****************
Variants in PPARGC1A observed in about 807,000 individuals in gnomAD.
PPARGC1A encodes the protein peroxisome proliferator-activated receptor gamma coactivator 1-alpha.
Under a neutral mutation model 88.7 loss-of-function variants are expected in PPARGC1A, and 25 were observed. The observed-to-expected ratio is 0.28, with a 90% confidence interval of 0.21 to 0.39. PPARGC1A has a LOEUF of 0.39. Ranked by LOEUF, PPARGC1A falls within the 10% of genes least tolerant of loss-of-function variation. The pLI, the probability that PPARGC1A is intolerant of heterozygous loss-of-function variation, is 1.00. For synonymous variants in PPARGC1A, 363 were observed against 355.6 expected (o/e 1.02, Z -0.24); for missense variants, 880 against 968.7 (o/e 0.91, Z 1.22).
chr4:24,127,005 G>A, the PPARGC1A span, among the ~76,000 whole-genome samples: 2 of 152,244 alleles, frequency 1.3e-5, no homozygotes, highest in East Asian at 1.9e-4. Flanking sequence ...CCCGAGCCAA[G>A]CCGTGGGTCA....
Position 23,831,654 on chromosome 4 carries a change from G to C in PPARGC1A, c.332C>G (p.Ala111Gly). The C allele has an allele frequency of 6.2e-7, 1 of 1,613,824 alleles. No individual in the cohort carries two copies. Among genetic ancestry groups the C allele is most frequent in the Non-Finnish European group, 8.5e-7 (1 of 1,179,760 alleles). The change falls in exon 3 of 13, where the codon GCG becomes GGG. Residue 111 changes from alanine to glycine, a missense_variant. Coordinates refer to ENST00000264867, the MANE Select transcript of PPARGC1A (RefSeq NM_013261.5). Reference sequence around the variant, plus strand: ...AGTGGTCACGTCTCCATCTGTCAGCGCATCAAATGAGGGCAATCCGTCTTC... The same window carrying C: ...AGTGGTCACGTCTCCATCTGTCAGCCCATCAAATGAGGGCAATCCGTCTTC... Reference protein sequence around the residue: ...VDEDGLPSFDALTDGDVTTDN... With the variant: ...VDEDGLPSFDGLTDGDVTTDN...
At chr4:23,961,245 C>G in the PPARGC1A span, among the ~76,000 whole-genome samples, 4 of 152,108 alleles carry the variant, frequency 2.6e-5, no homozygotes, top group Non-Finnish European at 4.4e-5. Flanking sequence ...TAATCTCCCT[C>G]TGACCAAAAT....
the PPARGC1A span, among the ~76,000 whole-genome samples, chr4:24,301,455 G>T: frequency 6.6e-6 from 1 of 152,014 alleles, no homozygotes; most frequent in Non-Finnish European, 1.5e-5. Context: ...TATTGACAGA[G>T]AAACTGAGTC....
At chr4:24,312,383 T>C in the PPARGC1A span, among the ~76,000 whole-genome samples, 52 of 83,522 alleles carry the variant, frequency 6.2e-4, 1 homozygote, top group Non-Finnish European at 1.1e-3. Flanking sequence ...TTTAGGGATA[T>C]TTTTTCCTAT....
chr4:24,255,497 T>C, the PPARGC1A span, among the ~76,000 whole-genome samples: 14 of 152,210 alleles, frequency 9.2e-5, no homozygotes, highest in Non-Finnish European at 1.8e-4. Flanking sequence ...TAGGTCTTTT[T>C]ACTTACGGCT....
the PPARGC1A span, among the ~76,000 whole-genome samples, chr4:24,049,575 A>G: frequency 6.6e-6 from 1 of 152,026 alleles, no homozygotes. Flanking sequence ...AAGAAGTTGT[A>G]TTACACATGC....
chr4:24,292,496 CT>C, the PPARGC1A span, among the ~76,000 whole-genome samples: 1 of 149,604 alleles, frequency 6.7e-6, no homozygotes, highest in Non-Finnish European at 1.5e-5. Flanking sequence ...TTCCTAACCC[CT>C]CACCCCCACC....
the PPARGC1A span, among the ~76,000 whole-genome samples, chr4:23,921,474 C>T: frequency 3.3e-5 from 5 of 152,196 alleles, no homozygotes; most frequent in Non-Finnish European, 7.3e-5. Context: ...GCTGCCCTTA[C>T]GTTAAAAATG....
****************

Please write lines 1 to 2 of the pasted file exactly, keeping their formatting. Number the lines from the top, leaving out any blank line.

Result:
Variants in PPARGC1A observed in about 807,000 individuals in gnomAD.
PPARGC1A encodes the protein peroxisome proliferator-activated receptor gamma coactivator 1-alpha.